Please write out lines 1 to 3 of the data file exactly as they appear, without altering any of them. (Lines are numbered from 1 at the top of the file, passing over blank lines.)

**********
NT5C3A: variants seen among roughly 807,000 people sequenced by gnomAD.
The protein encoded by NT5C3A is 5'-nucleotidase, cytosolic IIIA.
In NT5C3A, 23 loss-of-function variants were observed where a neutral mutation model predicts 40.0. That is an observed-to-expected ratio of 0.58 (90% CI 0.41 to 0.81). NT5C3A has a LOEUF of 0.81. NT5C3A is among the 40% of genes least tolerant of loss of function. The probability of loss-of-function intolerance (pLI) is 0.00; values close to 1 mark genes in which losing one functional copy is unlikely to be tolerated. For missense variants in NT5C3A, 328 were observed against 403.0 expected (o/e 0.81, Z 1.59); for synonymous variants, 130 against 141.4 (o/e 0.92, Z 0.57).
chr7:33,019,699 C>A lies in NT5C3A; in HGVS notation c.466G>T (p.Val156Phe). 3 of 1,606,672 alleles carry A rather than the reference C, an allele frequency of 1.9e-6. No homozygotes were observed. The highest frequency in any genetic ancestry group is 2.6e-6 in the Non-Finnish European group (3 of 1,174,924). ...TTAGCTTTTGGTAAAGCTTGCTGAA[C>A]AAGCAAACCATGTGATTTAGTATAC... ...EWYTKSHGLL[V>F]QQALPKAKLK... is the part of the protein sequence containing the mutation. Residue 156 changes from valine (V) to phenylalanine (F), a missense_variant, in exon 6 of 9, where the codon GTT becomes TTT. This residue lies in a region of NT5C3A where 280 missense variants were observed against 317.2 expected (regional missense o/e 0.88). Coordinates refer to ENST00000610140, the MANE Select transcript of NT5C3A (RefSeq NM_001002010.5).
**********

NT5C3A: variants seen among roughly 807,000 people sequenced by gnomAD.
The protein encoded by NT5C3A is 5'-nucleotidase, cytosolic IIIA.
In NT5C3A, 23 loss-of-function variants were observed where a neutral mutation model predicts 40.0. That is an observed-to-expected ratio of 0.58 (90% CI 0.41 to 0.81). NT5C3A has a LOEUF of 0.81. NT5C3A is among the 40% of genes least tolerant of loss of function. The probability of loss-of-function intolerance (pLI) is 0.00; values close to 1 mark genes in which losing one functional copy is unlikely to be tolerated. For missense variants in NT5C3A, 328 were observed against 403.0 expected (o/e 0.81, Z 1.59); for synonymous variants, 130 against 141.4 (o/e 0.92, Z 0.57).